U.S. Attorney David Hickton announced a five-count indictment Friday against former Pittsburgh Police Chief Nate Harper. The charges range from conspiracy and theft of public funds to willful failure to file income tax returns.
It’s the result of a joint investigation with the U.S. Attorney’s Office, the FBI and the IRS. Hickton said the first count is conspiracy to engage in the theft of public money through the diversion of funds to the Pittsburgh Federal Credit Union.
“$70,000 was diverted; $31,000 was attributed to Mr. Harper for personal use,” Hickton said. “The diversion was improper, and the personal use was improper.”
Hickton called it the “worst kind of public corruption.”
“Some examples were an XM radio for his car, a ladder; another example was kitchen appliances," he said. "Then there was plenty of examples listed of food and beverage, alcohol; there were debit transactions listed."
Harper, 60, resigned under pressure in February after Mayor Luke Ravenstahl met with the FBI about the investigation, which became public when federal agents seized internal police financial documents earlier that month.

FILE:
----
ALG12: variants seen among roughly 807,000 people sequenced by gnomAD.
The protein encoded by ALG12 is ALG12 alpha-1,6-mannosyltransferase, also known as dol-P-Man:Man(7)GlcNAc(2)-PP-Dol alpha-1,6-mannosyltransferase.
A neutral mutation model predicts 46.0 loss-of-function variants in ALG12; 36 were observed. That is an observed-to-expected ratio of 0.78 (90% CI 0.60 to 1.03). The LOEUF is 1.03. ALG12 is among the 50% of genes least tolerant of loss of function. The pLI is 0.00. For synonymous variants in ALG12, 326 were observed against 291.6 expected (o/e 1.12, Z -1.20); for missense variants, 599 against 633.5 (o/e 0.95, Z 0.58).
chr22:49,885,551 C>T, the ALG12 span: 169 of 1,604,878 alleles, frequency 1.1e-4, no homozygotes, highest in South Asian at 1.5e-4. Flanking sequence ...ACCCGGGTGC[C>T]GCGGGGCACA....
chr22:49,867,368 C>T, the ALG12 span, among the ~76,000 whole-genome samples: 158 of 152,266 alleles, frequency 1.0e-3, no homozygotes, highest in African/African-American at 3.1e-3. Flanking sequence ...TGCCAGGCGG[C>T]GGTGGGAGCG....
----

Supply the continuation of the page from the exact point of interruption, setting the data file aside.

"Today is a sad day for the Bureau of Police, and for the City of Pittsburgh as a whole," Raventstahl said via a statement to the media. "We will continue to work tirelessly to rebuild the Bureau and to ensure that Pittsburgh remains one of the nation’s safest cities."
The indictment outlines charges at places such as The Wine Loft, Grandview Saloon, Nakama Pittsburgh, Outback Steak House, Ruth’s Chris Steak House and others. There is also a charge for a 32-inch LCD Television from Sam’s Club.
In addition, Harper is indicted on charges of willful failure to file income tax returns from 2008 through 2011.
“During these years Mr. Harper received approximately $470,000," said Akeia Conner, special agent in charge of the Philadelphia field office of the IRS. "Although he was fully aware of his legal requirements, he willfully chose not to file his income tax returns for four consecutive years.”
When asked why Harper would fail to file income taxes, Hickton said he couldn’t say, but called it puzzling.
“This is a sad day for most of us,” he said, “We worked with him as a partner in many the joint law enforcement efforts. He worked with us on G-20. He worked with us when we were trying to find out who was making bomb threats at the University of Pittsburgh.”
Harper faces a penalty of up to nine years in prison and fines of up to $650,000. Hickton said the investigation is ongoing.
Attorneys for Harper say he plans to plead guilty to the tax and conspiracy crimes he's been charged with.
Lawyers Robert Leight and Robert Del Greco said Harper has acknowledged misusing nearly $32,000 in police department funds.
Harper didn't appear at the post-indictment news conference Friday because his attorneys say he is "embarrassed and distraught."